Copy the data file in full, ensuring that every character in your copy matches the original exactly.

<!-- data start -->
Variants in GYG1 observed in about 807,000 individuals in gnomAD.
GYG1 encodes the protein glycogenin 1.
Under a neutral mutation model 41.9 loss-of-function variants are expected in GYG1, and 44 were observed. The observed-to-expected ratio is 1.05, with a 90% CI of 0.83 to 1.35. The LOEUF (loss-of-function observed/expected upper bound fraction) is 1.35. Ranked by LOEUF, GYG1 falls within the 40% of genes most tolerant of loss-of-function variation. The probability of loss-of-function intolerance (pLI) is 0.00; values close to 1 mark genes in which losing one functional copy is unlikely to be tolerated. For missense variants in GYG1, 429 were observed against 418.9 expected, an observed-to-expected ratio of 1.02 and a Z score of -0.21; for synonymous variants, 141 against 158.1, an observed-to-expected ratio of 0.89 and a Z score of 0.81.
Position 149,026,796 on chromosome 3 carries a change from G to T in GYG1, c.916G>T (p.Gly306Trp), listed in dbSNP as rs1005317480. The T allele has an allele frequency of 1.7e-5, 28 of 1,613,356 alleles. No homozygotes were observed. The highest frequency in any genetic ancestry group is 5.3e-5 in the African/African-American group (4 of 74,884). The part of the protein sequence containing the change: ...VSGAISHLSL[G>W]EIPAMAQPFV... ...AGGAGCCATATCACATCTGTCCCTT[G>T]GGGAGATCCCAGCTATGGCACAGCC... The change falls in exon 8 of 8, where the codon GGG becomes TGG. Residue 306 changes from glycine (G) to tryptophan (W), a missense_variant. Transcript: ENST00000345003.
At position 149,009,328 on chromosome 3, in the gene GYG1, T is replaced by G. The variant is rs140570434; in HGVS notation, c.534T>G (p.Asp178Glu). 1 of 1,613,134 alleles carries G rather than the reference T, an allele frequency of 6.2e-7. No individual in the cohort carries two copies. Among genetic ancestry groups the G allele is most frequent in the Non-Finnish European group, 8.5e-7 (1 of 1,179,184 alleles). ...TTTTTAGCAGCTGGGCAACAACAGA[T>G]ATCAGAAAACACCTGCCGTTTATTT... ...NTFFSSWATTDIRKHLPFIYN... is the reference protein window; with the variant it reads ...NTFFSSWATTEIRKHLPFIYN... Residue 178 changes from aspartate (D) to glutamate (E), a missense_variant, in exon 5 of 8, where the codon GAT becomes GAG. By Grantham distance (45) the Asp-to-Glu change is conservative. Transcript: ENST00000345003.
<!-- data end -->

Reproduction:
Variants in GYG1 observed in about 807,000 individuals in gnomAD.
GYG1 encodes the protein glycogenin 1.
Under a neutral mutation model 41.9 loss-of-function variants are expected in GYG1, and 44 were observed. The observed-to-expected ratio is 1.05, with a 90% CI of 0.83 to 1.35. The LOEUF (loss-of-function observed/expected upper bound fraction) is 1.35. Ranked by LOEUF, GYG1 falls within the 40% of genes most tolerant of loss-of-function variation. The probability of loss-of-function intolerance (pLI) is 0.00; values close to 1 mark genes in which losing one functional copy is unlikely to be tolerated. For missense variants in GYG1, 429 were observed against 418.9 expected, an observed-to-expected ratio of 1.02 and a Z score of -0.21; for synonymous variants, 141 against 158.1, an observed-to-expected ratio of 0.89 and a Z score of 0.81.
Position 149,026,796 on chromosome 3 carries a change from G to T in GYG1, c.916G>T (p.Gly306Trp), listed in dbSNP as rs1005317480. The T allele has an allele frequency of 1.7e-5, 28 of 1,613,356 alleles. No homozygotes were observed. The highest frequency in any genetic ancestry group is 5.3e-5 in the African/African-American group (4 of 74,884). The part of the protein sequence containing the change: ...VSGAISHLSL[G>W]EIPAMAQPFV... ...AGGAGCCATATCACATCTGTCCCTT[G>T]GGGAGATCCCAGCTATGGCACAGCC... The change falls in exon 8 of 8, where the codon GGG becomes TGG. Residue 306 changes from glycine (G) to tryptophan (W), a missense_variant. Transcript: ENST00000345003.
At position 149,009,328 on chromosome 3, in the gene GYG1, T is replaced by G. The variant is rs140570434; in HGVS notation, c.534T>G (p.Asp178Glu). 1 of 1,613,134 alleles carries G rather than the reference T, an allele frequency of 6.2e-7. No individual in the cohort carries two copies. Among genetic ancestry groups the G allele is most frequent in the Non-Finnish European group, 8.5e-7 (1 of 1,179,184 alleles). ...TTTTTAGCAGCTGGGCAACAACAGA[T>G]ATCAGAAAACACCTGCCGTTTATTT... ...NTFFSSWATTDIRKHLPFIYN... is the reference protein window; with the variant it reads ...NTFFSSWATTEIRKHLPFIYN... Residue 178 changes from aspartate (D) to glutamate (E), a missense_variant, in exon 5 of 8, where the codon GAT becomes GAG. By Grantham distance (45) the Asp-to-Glu change is conservative. Transcript: ENST00000345003.